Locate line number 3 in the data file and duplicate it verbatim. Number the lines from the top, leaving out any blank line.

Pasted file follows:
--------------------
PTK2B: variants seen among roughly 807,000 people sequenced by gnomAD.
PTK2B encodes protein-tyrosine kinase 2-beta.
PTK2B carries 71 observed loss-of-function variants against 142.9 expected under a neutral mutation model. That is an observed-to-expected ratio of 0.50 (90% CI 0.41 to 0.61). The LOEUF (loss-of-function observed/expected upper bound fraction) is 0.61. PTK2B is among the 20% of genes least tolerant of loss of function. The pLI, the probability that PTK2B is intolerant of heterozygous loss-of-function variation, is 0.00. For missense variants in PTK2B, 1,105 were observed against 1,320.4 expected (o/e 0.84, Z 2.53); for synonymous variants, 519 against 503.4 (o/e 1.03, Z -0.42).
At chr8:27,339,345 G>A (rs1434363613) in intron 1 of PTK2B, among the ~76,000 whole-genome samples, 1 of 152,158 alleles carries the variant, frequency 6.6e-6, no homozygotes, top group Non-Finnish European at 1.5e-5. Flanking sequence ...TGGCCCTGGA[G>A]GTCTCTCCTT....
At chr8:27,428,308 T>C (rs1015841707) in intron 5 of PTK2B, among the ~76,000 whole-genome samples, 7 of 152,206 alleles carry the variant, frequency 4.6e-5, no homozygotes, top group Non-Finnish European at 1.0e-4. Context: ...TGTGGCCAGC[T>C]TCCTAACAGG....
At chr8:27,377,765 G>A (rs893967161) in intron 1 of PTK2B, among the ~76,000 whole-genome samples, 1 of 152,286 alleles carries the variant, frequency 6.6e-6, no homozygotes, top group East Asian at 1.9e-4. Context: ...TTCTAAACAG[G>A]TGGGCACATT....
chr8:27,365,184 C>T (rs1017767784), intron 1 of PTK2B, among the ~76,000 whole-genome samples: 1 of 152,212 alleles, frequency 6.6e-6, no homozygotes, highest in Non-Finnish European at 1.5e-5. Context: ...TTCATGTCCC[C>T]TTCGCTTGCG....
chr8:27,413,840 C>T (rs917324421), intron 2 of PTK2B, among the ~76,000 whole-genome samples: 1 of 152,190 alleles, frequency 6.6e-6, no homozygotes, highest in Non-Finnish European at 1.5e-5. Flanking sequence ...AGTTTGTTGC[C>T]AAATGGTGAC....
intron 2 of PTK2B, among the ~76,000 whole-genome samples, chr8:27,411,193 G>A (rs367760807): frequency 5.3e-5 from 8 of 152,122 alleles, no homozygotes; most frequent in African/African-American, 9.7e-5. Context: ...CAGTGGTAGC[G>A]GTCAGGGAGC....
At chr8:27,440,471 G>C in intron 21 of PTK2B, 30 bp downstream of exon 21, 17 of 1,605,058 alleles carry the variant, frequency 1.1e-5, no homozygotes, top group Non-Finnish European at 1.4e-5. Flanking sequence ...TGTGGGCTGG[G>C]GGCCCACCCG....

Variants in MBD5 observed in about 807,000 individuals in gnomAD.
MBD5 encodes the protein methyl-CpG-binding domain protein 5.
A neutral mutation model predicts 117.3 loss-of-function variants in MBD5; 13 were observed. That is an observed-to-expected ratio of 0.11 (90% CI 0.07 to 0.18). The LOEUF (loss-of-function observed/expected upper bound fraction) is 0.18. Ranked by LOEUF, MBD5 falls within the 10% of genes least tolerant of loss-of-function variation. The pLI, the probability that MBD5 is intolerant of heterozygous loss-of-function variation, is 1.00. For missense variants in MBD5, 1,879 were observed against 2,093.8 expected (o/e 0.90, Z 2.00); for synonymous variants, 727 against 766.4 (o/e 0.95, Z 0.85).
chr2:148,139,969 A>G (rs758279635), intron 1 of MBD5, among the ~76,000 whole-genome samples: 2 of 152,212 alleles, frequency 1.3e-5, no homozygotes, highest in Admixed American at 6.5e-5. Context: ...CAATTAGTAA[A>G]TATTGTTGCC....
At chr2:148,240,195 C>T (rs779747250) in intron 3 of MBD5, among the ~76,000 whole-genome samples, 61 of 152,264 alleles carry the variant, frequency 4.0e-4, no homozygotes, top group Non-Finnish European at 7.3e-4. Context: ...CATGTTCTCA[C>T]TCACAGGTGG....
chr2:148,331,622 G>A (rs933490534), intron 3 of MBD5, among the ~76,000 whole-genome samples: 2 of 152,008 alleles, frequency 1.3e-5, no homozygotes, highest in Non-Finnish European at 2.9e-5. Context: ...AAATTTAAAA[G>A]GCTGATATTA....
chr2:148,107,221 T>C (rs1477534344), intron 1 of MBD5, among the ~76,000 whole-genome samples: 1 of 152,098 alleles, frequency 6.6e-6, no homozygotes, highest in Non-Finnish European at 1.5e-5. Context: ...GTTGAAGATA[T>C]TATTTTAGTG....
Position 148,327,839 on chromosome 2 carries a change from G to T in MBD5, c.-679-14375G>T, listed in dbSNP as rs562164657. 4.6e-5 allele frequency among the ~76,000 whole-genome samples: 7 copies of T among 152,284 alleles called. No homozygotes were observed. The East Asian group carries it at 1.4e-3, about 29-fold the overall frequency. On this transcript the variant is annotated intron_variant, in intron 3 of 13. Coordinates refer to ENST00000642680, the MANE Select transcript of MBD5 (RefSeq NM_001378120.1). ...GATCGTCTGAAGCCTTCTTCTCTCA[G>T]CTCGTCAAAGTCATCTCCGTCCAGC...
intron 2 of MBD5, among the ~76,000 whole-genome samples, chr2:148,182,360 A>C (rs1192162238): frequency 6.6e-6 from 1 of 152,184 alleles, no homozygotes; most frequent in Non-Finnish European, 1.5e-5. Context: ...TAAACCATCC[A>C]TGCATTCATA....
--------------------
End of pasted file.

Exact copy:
PTK2B carries 71 observed loss-of-function variants against 142.9 expected under a neutral mutation model. That is an observed-to-expected ratio of 0.50 (90% CI 0.41 to 0.61). The LOEUF (loss-of-function observed/expected upper bound fraction) is 0.61. PTK2B is among the 20% of genes least tolerant of loss of function. The pLI, the probability that PTK2B is intolerant of heterozygous loss-of-function variation, is 0.00. For missense variants in PTK2B, 1,105 were observed against 1,320.4 expected (o/e 0.84, Z 2.53); for synonymous variants, 519 against 503.4 (o/e 1.03, Z -0.42).